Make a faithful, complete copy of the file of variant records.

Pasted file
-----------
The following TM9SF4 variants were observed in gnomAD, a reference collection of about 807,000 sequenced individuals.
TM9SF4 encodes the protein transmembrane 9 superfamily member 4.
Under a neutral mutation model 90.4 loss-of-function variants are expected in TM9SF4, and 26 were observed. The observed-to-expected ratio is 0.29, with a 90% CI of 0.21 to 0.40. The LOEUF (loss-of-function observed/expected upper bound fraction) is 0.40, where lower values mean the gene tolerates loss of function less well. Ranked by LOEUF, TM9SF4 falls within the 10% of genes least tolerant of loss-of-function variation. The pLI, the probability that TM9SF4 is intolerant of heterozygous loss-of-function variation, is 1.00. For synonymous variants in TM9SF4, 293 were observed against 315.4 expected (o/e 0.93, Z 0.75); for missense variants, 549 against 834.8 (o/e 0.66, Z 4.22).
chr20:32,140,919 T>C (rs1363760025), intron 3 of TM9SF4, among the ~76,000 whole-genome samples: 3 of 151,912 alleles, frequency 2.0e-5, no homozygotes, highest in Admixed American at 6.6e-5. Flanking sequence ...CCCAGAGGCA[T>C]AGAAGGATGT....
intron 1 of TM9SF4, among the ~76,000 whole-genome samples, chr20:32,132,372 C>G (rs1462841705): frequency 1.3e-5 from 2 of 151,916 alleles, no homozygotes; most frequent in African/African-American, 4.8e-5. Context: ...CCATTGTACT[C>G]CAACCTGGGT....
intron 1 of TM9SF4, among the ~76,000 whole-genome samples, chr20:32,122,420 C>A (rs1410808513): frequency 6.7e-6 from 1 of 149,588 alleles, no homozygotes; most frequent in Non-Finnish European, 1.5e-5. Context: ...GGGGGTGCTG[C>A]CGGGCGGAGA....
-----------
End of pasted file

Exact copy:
The following TM9SF4 variants were observed in gnomAD, a reference collection of about 807,000 sequenced individuals.
TM9SF4 encodes the protein transmembrane 9 superfamily member 4.
Under a neutral mutation model 90.4 loss-of-function variants are expected in TM9SF4, and 26 were observed. The observed-to-expected ratio is 0.29, with a 90% CI of 0.21 to 0.40. The LOEUF (loss-of-function observed/expected upper bound fraction) is 0.40, where lower values mean the gene tolerates loss of function less well. Ranked by LOEUF, TM9SF4 falls within the 10% of genes least tolerant of loss-of-function variation. The pLI, the probability that TM9SF4 is intolerant of heterozygous loss-of-function variation, is 1.00. For synonymous variants in TM9SF4, 293 were observed against 315.4 expected (o/e 0.93, Z 0.75); for missense variants, 549 against 834.8 (o/e 0.66, Z 4.22).
chr20:32,140,919 T>C (rs1363760025), intron 3 of TM9SF4, among the ~76,000 whole-genome samples: 3 of 151,912 alleles, frequency 2.0e-5, no homozygotes, highest in Admixed American at 6.6e-5. Flanking sequence ...CCCAGAGGCA[T>C]AGAAGGATGT....
intron 1 of TM9SF4, among the ~76,000 whole-genome samples, chr20:32,132,372 C>G (rs1462841705): frequency 1.3e-5 from 2 of 151,916 alleles, no homozygotes; most frequent in African/African-American, 4.8e-5. Context: ...CCATTGTACT[C>G]CAACCTGGGT....
intron 1 of TM9SF4, among the ~76,000 whole-genome samples, chr20:32,122,420 C>A (rs1410808513): frequency 6.7e-6 from 1 of 149,588 alleles, no homozygotes; most frequent in Non-Finnish European, 1.5e-5. Context: ...GGGGGTGCTG[C>A]CGGGCGGAGA....